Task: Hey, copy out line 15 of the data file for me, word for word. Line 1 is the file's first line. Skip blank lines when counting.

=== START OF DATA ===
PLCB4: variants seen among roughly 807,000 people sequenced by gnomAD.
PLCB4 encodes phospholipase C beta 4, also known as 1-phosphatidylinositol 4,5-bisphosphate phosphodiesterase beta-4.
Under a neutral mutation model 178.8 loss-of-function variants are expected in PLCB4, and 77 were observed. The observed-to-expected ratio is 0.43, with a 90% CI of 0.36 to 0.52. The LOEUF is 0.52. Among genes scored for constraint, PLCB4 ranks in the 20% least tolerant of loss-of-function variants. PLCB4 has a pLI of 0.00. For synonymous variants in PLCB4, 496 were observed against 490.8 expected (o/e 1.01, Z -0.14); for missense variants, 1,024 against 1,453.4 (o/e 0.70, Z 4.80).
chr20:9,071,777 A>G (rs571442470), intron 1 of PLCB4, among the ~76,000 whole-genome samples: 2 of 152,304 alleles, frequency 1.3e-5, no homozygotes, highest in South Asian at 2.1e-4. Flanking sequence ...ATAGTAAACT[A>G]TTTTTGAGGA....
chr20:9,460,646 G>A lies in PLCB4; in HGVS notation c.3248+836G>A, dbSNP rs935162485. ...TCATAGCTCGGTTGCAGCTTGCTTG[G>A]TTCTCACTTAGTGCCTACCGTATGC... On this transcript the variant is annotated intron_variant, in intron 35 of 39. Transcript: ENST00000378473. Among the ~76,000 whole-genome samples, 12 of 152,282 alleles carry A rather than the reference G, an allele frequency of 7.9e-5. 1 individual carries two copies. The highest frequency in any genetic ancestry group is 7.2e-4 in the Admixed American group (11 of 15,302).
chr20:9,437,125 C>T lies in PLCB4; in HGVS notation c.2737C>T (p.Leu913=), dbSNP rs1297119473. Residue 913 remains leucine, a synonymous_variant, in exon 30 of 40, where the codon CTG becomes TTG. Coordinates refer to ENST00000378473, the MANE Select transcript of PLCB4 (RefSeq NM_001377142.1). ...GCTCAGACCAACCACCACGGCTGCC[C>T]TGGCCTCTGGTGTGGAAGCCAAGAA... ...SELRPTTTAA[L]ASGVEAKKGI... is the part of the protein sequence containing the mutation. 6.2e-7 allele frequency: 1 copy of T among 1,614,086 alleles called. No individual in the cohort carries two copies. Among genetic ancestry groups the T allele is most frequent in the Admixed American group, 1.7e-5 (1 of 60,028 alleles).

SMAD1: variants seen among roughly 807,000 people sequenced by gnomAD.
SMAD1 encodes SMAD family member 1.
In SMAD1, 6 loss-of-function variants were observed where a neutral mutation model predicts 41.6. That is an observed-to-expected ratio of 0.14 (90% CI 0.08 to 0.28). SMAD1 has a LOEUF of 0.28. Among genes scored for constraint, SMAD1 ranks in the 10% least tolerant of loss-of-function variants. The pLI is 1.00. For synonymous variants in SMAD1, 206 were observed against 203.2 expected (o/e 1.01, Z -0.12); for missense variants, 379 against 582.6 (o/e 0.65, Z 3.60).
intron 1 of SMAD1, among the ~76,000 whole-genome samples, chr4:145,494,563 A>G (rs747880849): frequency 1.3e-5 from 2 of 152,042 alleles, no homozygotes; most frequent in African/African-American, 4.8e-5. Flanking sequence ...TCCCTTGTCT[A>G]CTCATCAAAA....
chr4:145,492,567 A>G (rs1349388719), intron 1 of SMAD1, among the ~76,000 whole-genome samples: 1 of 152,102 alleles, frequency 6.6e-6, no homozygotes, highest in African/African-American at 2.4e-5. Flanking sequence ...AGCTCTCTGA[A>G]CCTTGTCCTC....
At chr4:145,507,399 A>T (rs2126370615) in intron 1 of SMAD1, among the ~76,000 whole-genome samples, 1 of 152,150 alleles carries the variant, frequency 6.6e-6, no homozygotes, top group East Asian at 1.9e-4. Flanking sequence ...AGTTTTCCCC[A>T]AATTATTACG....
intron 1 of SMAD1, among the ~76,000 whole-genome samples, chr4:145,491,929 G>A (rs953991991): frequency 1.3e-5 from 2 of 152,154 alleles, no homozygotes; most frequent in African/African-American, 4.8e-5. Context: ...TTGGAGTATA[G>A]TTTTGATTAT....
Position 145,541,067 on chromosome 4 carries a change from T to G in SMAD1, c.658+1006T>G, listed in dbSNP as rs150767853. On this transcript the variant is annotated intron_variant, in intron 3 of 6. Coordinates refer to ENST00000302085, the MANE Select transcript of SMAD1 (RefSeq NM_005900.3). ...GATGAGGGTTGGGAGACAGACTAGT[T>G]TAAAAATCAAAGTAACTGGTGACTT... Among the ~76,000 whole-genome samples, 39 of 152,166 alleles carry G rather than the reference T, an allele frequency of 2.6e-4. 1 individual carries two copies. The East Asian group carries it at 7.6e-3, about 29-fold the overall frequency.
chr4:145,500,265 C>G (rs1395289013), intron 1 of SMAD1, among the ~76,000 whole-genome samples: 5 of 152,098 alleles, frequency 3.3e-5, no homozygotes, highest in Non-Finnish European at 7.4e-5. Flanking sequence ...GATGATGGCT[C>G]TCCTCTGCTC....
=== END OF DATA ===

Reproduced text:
chr4:145,500,265 C>G (rs1395289013), intron 1 of SMAD1, among the ~76,000 whole-genome samples: 5 of 152,098 alleles, frequency 3.3e-5, no homozygotes, highest in Non-Finnish European at 7.4e-5. Flanking sequence ...GATGATGGCT[C>G]TCCTCTGCTC....